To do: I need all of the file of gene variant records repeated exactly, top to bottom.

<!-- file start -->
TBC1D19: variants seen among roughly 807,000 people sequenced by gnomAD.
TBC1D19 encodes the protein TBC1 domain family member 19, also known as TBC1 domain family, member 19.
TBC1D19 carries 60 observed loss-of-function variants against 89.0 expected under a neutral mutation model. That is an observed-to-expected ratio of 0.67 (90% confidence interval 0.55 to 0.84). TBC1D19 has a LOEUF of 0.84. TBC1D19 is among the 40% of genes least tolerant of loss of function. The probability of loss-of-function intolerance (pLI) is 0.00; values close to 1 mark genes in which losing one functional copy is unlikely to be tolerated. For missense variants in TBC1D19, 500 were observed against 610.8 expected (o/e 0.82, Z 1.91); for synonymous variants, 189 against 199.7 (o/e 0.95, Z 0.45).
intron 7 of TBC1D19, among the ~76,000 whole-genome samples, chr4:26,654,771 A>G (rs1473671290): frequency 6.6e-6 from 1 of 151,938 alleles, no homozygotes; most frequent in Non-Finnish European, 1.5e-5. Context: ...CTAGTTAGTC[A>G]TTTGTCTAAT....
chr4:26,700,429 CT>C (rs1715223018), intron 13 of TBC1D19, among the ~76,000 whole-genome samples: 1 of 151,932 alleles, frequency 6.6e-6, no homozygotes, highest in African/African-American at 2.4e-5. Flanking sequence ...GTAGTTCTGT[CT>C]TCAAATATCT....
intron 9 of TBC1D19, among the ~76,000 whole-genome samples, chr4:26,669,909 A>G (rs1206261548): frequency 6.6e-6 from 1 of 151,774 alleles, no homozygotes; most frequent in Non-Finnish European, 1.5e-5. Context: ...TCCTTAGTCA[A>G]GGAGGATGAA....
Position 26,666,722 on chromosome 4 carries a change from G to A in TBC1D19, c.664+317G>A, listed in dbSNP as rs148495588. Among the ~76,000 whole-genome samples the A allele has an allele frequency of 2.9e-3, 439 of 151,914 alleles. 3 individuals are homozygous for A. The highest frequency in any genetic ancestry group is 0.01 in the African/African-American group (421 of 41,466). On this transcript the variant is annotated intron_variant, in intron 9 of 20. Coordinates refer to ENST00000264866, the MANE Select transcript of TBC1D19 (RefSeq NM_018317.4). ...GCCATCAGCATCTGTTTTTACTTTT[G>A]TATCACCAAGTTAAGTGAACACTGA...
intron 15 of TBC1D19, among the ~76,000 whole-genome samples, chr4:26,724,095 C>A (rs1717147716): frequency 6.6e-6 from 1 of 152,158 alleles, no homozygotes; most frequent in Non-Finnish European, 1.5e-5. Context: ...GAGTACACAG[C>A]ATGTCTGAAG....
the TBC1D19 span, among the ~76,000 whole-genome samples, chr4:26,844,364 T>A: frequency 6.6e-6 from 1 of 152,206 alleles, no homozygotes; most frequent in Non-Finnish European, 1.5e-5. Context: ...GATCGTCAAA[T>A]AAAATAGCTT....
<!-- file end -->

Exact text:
TBC1D19: variants seen among roughly 807,000 people sequenced by gnomAD.
TBC1D19 encodes the protein TBC1 domain family member 19, also known as TBC1 domain family, member 19.
TBC1D19 carries 60 observed loss-of-function variants against 89.0 expected under a neutral mutation model. That is an observed-to-expected ratio of 0.67 (90% confidence interval 0.55 to 0.84). TBC1D19 has a LOEUF of 0.84. TBC1D19 is among the 40% of genes least tolerant of loss of function. The probability of loss-of-function intolerance (pLI) is 0.00; values close to 1 mark genes in which losing one functional copy is unlikely to be tolerated. For missense variants in TBC1D19, 500 were observed against 610.8 expected (o/e 0.82, Z 1.91); for synonymous variants, 189 against 199.7 (o/e 0.95, Z 0.45).
intron 7 of TBC1D19, among the ~76,000 whole-genome samples, chr4:26,654,771 A>G (rs1473671290): frequency 6.6e-6 from 1 of 151,938 alleles, no homozygotes; most frequent in Non-Finnish European, 1.5e-5. Context: ...CTAGTTAGTC[A>G]TTTGTCTAAT....
chr4:26,700,429 CT>C (rs1715223018), intron 13 of TBC1D19, among the ~76,000 whole-genome samples: 1 of 151,932 alleles, frequency 6.6e-6, no homozygotes, highest in African/African-American at 2.4e-5. Flanking sequence ...GTAGTTCTGT[CT>C]TCAAATATCT....
intron 9 of TBC1D19, among the ~76,000 whole-genome samples, chr4:26,669,909 A>G (rs1206261548): frequency 6.6e-6 from 1 of 151,774 alleles, no homozygotes; most frequent in Non-Finnish European, 1.5e-5. Context: ...TCCTTAGTCA[A>G]GGAGGATGAA....
Position 26,666,722 on chromosome 4 carries a change from G to A in TBC1D19, c.664+317G>A, listed in dbSNP as rs148495588. Among the ~76,000 whole-genome samples the A allele has an allele frequency of 2.9e-3, 439 of 151,914 alleles. 3 individuals are homozygous for A. The highest frequency in any genetic ancestry group is 0.01 in the African/African-American group (421 of 41,466). On this transcript the variant is annotated intron_variant, in intron 9 of 20. Coordinates refer to ENST00000264866, the MANE Select transcript of TBC1D19 (RefSeq NM_018317.4). ...GCCATCAGCATCTGTTTTTACTTTT[G>A]TATCACCAAGTTAAGTGAACACTGA...
intron 15 of TBC1D19, among the ~76,000 whole-genome samples, chr4:26,724,095 C>A (rs1717147716): frequency 6.6e-6 from 1 of 152,158 alleles, no homozygotes; most frequent in Non-Finnish European, 1.5e-5. Context: ...GAGTACACAG[C>A]ATGTCTGAAG....
the TBC1D19 span, among the ~76,000 whole-genome samples, chr4:26,844,364 T>A: frequency 6.6e-6 from 1 of 152,206 alleles, no homozygotes; most frequent in Non-Finnish European, 1.5e-5. Context: ...GATCGTCAAA[T>A]AAAATAGCTT....